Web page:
There once was a candidate running for the office of President of the United States who traversed this great nation from coast to coast, drawing throngs of onlookers and supporters wherever he appeared. He spoke to the country about its fears, its aspirations, its recently troubled past, and its very uncertain future in orations that were at once fiery, yet comforting. And he did all of that without uttering one syllable of detail about how he would address the country's many issues and move us to a secure future.
The year was 2008. The candidate was Barack Obama. During the Democratic primaries, the neophyte senator from Illinois crisscrossed America and spoke in the most general of terms to all who would hear him. He pioneered the art of insubstantial oratory and proved that specifics are but a minor concern when one is able to mesmerize an audience and the media with a strong presence and fantastic oratory skills. Watching Obama command a gathering was like turning back time and watching Ivan Pavlov make his dogs salivate on command. For those who didn't see him at the time, let me assure you--he was that good.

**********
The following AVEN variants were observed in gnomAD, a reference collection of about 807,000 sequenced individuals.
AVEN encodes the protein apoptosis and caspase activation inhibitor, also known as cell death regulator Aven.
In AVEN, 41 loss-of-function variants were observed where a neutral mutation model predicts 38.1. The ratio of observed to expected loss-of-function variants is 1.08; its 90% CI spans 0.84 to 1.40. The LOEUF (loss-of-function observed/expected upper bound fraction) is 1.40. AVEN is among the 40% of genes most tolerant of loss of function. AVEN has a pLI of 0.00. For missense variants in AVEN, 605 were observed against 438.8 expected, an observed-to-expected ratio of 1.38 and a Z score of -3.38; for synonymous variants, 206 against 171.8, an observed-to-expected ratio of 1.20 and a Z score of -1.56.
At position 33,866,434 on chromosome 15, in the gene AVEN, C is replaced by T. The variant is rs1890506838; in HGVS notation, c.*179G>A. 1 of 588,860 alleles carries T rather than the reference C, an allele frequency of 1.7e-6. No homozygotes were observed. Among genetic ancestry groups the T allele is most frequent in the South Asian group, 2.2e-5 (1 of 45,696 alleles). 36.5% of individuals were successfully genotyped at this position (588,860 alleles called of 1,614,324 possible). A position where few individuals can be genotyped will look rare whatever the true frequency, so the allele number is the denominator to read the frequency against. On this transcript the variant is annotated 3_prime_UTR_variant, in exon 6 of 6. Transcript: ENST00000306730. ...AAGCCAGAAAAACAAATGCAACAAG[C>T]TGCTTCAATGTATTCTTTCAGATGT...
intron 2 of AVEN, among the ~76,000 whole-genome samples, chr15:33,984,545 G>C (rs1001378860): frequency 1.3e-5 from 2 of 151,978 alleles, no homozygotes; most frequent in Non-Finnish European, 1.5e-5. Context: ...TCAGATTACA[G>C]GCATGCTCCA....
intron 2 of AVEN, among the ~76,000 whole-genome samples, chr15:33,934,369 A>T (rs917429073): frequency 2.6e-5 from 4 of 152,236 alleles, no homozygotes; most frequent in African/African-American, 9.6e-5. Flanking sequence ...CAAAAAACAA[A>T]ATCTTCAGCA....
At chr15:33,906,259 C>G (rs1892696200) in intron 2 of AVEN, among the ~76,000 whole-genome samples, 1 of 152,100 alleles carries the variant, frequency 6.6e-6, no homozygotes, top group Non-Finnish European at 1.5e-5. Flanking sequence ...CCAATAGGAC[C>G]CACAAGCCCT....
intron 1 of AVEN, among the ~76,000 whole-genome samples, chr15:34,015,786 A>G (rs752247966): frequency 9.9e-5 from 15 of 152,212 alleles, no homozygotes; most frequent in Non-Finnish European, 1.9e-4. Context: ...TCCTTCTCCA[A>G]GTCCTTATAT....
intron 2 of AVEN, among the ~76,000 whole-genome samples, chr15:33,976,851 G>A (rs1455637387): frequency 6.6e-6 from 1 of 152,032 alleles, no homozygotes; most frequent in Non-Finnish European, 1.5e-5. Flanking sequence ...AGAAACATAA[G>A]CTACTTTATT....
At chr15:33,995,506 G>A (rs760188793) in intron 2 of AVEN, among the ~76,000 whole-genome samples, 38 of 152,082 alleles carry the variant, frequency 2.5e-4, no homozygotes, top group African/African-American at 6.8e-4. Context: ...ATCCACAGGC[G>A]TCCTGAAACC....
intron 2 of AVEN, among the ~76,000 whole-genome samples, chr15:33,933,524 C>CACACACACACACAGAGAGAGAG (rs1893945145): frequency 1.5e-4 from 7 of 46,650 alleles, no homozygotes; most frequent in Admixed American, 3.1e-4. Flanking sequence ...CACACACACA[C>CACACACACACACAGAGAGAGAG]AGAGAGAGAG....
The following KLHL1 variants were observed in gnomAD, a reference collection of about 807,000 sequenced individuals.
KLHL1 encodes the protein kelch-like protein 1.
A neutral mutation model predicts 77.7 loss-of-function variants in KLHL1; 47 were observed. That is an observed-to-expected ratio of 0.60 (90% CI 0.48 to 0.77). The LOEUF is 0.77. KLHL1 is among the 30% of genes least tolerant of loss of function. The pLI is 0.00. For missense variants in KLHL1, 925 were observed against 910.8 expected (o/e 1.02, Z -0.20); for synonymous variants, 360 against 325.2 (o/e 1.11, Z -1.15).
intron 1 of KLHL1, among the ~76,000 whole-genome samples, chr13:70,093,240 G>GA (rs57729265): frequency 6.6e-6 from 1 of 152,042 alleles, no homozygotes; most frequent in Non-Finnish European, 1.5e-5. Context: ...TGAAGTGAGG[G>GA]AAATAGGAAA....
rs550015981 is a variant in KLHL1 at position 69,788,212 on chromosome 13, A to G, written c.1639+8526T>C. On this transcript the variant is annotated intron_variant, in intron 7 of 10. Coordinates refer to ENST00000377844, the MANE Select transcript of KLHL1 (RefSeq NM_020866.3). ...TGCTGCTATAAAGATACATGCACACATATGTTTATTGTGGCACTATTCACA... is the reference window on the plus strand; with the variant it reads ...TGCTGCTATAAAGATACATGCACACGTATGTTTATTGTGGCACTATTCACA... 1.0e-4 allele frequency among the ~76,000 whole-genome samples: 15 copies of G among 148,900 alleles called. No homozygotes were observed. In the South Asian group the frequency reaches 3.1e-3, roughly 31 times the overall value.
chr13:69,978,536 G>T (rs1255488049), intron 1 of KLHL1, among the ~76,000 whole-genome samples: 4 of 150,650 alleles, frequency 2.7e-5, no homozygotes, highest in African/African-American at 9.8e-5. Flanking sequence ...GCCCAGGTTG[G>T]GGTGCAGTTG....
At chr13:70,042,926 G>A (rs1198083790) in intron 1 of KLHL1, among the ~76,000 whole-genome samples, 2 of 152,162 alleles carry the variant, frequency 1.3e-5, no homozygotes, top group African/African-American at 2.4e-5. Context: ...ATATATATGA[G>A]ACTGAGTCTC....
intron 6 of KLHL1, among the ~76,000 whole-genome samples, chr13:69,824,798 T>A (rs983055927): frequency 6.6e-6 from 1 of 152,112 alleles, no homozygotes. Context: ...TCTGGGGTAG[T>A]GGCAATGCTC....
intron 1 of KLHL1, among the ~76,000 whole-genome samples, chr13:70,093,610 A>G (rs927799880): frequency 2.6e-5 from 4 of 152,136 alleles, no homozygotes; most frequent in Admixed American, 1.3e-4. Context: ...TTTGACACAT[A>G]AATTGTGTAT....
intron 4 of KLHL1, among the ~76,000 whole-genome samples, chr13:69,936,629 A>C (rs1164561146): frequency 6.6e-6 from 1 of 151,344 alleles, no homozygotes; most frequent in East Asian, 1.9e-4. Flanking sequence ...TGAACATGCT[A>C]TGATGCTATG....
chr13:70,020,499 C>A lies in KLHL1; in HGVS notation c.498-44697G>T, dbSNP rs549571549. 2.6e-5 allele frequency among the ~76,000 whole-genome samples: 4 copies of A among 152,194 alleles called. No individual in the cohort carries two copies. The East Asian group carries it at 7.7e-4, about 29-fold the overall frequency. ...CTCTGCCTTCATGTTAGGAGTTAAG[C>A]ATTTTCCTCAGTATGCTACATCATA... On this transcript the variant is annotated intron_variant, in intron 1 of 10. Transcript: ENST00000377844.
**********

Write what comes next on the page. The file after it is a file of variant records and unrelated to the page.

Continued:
As we know, Senator Barack Obama became President Barack Obama, and he did it by campaigning on a platform of nebulousness, of vaporous statements and insubstantial utterances. The Democratic machine sensed that the presidency could be recaptured and he was thus embraced by the Party faithful despite his lack of substance. To be fair, candidate Hillary Clinton was equally non-specific, but she did not have Obama's speech-making brilliance. She did, however, have an utterly creepy knack for pointing and waving to imaginary persons around her whenever she walked forward to speak. Vacuous and JFK-esque eventually won out over vacuous and creepy, so with the former in office we again have a candidate who is a powerful speaker, yet whose diatribe is utterly vacuous.